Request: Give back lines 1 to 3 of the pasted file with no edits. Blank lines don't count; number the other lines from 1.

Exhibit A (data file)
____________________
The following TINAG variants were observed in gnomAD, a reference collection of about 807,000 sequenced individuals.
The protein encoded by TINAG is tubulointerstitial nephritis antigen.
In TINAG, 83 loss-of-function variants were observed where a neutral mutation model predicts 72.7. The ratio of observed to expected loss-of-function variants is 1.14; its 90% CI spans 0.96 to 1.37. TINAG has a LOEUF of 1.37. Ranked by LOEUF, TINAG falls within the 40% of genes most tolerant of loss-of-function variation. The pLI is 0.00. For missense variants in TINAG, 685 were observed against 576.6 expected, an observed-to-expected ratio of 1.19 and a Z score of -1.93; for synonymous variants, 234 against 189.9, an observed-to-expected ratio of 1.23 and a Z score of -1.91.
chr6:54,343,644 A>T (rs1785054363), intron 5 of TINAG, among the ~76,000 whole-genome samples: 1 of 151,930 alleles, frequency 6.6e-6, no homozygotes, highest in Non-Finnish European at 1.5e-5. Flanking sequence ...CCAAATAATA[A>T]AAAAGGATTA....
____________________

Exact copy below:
The following TINAG variants were observed in gnomAD, a reference collection of about 807,000 sequenced individuals.
The protein encoded by TINAG is tubulointerstitial nephritis antigen.
In TINAG, 83 loss-of-function variants were observed where a neutral mutation model predicts 72.7. The ratio of observed to expected loss-of-function variants is 1.14; its 90% CI spans 0.96 to 1.37. TINAG has a LOEUF of 1.37. Ranked by LOEUF, TINAG falls within the 40% of genes most tolerant of loss-of-function variation. The pLI is 0.00. For missense variants in TINAG, 685 were observed against 576.6 expected, an observed-to-expected ratio of 1.19 and a Z score of -1.93; for synonymous variants, 234 against 189.9, an observed-to-expected ratio of 1.23 and a Z score of -1.91.